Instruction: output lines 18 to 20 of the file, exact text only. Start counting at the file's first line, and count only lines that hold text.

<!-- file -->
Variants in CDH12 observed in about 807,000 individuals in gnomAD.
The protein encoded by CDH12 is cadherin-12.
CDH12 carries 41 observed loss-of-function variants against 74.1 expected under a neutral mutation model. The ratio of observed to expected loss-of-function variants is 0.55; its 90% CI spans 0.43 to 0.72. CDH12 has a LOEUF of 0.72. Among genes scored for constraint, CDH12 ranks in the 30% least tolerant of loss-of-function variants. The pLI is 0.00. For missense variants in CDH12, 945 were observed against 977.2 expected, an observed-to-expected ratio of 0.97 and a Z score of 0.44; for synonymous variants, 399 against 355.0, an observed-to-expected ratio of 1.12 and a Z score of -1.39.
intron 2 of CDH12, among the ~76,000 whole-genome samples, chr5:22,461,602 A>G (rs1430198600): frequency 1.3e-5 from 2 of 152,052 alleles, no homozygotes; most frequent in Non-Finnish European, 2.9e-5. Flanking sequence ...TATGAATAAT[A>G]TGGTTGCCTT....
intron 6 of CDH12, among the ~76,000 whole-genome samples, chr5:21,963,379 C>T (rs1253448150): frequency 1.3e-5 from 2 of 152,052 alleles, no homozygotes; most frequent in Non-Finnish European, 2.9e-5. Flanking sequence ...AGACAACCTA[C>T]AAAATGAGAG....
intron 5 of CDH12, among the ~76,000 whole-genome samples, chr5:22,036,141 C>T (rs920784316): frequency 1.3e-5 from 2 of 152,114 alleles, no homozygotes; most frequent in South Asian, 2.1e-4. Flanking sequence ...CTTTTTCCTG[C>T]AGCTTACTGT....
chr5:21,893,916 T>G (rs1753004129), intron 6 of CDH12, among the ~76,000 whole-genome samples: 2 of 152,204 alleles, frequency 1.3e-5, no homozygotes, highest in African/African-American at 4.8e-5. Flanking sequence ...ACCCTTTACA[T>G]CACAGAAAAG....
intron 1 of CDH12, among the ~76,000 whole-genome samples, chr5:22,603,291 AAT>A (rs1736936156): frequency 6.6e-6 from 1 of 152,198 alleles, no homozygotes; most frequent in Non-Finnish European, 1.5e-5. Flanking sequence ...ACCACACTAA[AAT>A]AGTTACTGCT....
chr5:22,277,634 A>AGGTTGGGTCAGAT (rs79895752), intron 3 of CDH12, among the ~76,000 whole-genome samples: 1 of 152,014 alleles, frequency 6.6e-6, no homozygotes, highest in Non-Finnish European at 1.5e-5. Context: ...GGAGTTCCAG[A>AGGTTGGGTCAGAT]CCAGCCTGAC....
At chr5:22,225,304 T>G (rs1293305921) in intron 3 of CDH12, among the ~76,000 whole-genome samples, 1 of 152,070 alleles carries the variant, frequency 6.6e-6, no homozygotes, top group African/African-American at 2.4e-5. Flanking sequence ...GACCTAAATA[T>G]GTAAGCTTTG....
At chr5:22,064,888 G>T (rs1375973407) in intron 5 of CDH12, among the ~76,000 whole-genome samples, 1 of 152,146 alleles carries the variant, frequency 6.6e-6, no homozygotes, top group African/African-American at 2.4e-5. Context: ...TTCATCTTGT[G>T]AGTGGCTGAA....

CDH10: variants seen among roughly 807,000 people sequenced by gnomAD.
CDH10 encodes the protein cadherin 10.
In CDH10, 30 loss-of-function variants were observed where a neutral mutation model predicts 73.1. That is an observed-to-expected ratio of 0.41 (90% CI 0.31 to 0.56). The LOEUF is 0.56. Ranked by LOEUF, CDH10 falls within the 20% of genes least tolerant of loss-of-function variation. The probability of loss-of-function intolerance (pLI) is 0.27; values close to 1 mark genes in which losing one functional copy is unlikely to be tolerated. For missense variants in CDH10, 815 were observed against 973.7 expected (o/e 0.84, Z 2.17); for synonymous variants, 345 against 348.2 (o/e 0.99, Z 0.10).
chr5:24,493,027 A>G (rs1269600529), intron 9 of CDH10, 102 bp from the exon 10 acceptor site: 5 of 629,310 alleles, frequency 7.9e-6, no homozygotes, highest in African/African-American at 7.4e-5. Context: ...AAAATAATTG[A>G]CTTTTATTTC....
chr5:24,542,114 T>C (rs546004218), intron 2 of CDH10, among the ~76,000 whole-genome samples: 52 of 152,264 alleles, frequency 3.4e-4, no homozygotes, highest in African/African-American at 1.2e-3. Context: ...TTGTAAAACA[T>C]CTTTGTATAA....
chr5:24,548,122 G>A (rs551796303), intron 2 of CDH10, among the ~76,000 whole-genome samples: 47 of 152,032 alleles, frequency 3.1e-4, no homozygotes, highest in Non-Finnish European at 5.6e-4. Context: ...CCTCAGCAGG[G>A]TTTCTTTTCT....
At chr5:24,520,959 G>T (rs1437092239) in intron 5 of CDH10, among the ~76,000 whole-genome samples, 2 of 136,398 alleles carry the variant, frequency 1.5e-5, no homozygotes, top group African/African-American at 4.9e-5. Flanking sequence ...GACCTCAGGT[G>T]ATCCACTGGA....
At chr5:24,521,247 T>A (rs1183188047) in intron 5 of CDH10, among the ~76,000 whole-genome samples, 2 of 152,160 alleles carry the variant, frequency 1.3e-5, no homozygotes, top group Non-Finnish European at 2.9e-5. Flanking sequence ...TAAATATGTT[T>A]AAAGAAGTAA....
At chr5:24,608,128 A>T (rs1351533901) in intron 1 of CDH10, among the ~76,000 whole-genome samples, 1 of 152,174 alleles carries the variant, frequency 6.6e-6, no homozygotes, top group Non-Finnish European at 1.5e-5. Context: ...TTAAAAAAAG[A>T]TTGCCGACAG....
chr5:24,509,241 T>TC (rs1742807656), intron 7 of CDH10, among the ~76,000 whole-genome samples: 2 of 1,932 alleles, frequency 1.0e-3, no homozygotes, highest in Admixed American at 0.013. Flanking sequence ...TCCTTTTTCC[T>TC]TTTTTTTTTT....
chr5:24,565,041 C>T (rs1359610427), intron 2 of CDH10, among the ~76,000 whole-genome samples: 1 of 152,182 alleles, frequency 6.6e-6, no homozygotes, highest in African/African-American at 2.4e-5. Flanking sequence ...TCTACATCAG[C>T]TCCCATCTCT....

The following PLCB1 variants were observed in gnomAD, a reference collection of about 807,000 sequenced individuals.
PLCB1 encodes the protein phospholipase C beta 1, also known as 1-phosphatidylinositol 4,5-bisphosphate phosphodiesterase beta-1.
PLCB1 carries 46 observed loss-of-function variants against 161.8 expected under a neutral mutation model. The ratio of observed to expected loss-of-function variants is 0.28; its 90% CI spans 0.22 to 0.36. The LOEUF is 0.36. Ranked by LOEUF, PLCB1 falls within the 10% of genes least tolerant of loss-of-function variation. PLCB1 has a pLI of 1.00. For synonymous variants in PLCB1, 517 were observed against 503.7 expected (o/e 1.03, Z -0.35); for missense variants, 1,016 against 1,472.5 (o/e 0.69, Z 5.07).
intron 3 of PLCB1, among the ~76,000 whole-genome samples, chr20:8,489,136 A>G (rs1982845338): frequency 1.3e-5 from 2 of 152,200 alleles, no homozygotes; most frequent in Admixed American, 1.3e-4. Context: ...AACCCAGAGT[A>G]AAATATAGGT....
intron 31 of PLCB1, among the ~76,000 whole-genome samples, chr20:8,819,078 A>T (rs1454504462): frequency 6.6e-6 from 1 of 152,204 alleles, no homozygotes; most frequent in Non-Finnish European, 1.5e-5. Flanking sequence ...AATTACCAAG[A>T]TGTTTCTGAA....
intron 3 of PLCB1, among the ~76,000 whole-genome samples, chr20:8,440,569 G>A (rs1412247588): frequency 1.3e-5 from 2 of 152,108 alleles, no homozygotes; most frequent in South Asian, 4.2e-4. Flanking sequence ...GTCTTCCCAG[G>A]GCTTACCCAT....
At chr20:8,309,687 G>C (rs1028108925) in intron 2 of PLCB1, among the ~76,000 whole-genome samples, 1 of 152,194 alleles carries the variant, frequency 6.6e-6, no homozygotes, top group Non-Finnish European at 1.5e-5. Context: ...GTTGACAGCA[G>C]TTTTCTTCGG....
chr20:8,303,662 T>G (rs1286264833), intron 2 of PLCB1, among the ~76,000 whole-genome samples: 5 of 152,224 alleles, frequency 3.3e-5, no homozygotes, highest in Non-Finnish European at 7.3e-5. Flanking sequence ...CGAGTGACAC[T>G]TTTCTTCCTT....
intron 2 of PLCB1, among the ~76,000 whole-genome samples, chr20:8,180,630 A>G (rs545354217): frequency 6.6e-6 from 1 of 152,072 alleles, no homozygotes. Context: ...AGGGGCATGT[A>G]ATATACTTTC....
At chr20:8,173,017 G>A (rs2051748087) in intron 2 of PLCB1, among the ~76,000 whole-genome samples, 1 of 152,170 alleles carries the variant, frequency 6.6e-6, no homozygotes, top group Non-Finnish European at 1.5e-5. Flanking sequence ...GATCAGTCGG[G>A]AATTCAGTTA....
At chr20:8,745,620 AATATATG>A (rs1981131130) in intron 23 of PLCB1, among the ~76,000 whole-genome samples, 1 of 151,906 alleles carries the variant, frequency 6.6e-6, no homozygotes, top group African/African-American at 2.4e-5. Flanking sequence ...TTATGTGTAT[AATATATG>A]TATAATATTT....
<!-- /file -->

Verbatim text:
At chr5:24,520,959 G>T (rs1437092239) in intron 5 of CDH10, among the ~76,000 whole-genome samples, 2 of 136,398 alleles carry the variant, frequency 1.5e-5, no homozygotes, top group African/African-American at 4.9e-5. Flanking sequence ...GACCTCAGGT[G>T]ATCCACTGGA....
At chr5:24,521,247 T>A (rs1183188047) in intron 5 of CDH10, among the ~76,000 whole-genome samples, 2 of 152,160 alleles carry the variant, frequency 1.3e-5, no homozygotes, top group Non-Finnish European at 2.9e-5. Flanking sequence ...TAAATATGTT[T>A]AAAGAAGTAA....
At chr5:24,608,128 A>T (rs1351533901) in intron 1 of CDH10, among the ~76,000 whole-genome samples, 1 of 152,174 alleles carries the variant, frequency 6.6e-6, no homozygotes, top group Non-Finnish European at 1.5e-5. Context: ...TTAAAAAAAG[A>T]TTGCCGACAG....